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Health checks during heat waves can help protect the most susceptible

A new health check guide by the National Collaborating Centre for Environmental Health helps to identify people at risk and provides guidance on how to keep cool during extreme heat events.
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A new health check guide developed by the National Collaborating Centre for Environmental Health (NCCEH) and University of Ottawa helps to identify people most at risk during an extreme heat event and provides guidance on how to keep cool.

Climate change is leading to more frequent and intense extreme heat events across Canada with certain groups, like older adults, more vulnerable to the impacts of extreme heat. 

“Some people are at higher risk of experiencing heat-related illness. Regularly checking in with susceptible people to see how they are coping can dramatically reduce heat-related illness and death,” said Adrian Dix, B.C.’s Minister of Health.

NCCEH, housed at the BC Centre for Disease Control, in collaboration with Dr. Glen Kenny at the Human and Environmental Physiology Research Unit of the University of Ottawa, developed the new, plain-language guide for doing in-person and remote health checks. In addition to providing information on how to identify susceptible people, the guide offers actions for reducing body and indoor temperatures, and how to recognize heat-related illnesses. 

”Regular health checks are one of many tools we can use to keep people safer during extreme heat events,” says Dr. Sarah Henderson, scientific director of the NCCEH and Environmental Health Services at the BC Centre for Disease Control. “Many susceptible people may not recognize when they are overheating, but another person can help identify a risky situation with some careful questions and observations. Check in as often as possible. At least twice a day and once in the evening when it is hottest indoors.” 

Extreme heat events can lead to dangerous indoor temperatures in homes without functioning air conditioning. Depending on the building and location within the city, indoor temperatures can be even hotter than outdoor temperatures due to heat absorbed by the surrounding environment, building materials and sun shining through the windows. 

For people who are susceptible to heat, sustained indoor temperatures over 26°C can pose a risk to health, and sustained temperatures over 31°C can be dangerous. 

“Heat-related illness can occur following prolonged exposure to hot environments where the body’s ability to dissipate heat is overwhelmed, leading to potentially dangerous increases in body temperature,” says Dr. Kenny. “Severe heat related illness, conditions such as heat exhaustion or heat stroke, are more likely to occur in older people and those with medical conditions.”  

Heat check rapid assessment checklistThe NCCEH guide can be used as a resource by anyone doing health checks during heat waves. The Health checks during extreme heat events guide provides:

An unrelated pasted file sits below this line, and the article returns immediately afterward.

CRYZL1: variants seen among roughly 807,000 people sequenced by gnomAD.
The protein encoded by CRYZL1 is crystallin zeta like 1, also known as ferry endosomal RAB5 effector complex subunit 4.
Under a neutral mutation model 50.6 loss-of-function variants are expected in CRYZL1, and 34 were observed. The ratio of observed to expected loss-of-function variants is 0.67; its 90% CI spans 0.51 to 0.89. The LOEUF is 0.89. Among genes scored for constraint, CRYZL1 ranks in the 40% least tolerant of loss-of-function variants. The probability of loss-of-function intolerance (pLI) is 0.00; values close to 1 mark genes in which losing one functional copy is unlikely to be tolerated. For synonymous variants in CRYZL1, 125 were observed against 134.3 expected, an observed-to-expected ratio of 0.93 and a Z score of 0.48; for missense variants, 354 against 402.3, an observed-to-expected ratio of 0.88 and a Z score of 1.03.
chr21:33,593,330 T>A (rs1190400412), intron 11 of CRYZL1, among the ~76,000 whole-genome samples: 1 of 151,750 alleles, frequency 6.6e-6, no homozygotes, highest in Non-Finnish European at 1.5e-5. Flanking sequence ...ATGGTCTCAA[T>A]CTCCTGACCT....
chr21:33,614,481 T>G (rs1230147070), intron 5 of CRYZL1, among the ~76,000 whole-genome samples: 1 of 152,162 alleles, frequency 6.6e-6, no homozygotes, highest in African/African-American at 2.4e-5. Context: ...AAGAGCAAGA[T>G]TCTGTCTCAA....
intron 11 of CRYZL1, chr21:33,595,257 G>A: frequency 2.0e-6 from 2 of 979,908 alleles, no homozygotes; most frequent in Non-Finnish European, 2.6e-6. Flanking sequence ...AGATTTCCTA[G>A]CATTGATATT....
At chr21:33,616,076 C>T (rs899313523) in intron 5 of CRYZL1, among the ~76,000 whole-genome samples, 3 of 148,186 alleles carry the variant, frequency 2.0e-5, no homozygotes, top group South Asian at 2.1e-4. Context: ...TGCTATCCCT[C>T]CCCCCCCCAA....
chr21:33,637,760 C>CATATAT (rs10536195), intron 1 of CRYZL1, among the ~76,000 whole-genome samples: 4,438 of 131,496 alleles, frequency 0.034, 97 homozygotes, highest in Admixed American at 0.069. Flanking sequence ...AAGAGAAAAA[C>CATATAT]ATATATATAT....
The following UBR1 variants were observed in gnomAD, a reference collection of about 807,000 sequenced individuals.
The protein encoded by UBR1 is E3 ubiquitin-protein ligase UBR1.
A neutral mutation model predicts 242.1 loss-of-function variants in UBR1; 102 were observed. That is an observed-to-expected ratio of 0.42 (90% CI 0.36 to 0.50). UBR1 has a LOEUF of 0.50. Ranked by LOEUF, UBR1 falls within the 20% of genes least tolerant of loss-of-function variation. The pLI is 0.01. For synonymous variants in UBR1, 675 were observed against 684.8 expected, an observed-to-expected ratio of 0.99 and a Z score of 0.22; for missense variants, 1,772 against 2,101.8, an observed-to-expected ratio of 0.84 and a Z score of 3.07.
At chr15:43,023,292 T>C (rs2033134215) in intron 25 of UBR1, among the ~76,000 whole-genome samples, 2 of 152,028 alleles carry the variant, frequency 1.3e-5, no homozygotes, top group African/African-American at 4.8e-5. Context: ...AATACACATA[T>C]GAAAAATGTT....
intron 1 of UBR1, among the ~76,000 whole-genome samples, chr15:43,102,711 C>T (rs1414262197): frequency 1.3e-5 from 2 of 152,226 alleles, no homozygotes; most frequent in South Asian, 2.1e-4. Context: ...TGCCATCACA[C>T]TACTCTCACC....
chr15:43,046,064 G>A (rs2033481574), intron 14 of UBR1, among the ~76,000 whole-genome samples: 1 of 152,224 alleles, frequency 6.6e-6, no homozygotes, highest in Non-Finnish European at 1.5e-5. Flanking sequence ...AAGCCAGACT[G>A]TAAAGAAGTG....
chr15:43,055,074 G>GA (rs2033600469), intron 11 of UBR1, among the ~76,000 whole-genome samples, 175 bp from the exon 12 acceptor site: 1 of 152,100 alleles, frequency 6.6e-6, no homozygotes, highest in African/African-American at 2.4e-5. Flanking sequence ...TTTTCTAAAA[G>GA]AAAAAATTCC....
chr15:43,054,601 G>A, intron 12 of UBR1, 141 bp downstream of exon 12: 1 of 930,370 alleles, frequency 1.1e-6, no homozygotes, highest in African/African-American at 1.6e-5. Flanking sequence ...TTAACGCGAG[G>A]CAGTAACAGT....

• A rapid risk assessment checklist
  • Information on how to recognize and respond to heat-related illness
  • How to do in-person health checks
  • How to do remote health checks
  • Information on body and indoor temperatures
The health check guide is available in English and French: https://ncceh.ca/documents/guide/health-checks-during-extreme-heat-events 
(Additional language translations to come)

More information

The BC Centre for Disease Control, a part of the Provincial Health Services Authority, provides public health leadership through surveillance, detection, treatment, prevention and consultation services. The Centre provides diagnostic and treatment services for people with diseases of public health importance, and analytical and policy support to all levels of government and health authorities. The BCCDC also provides health promotion and prevention services to reduce the burden of chronic disease, preventable injury and environmental health risks. For more, visit www.bccdc.ca  or follow us on Twitter @CDCofBC.

The Provincial Health Services Authority (PHSA) provides specialized health care services and programs to communities across British Columbia, the territories of many distinct First Nations. We are grateful to all the First Nations who have cared for and nurtured this land for all time, including the xʷməθkwəy̓əm (Musqueam), Sḵwx̱wú7mesh Úxwumixw (Squamish), and səlil̓w̓ətaɬ (Tsleil-Waututh) First Nations on whose unceded and ancestral territory our head office is located. We work in partnership with other B.C. health authorities and the provincial government to deliver province-wide solutions that improve the health of British Columbians. For more information, visit www.phsa.ca or follow us @PHSAofBC.

The National Collaborating Centre for Environmental Health is one of six National Collaborating Centres created to foster linkages within the public health community. NCCEH focuses on health risks associated with the physical environment and identifies evidence-based interventions to mitigate those risks. The centre is hosted by the BC Centre for Disease Control and is funded through the Public Health Agency of Canada. For more information, visit ncceh.ca

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Media contact

Heather Amos
BCCDC Communications
778.984.1301
or PHSA media line: 778.867.7472
heather.amos@phsa.ca


 
 

 

 

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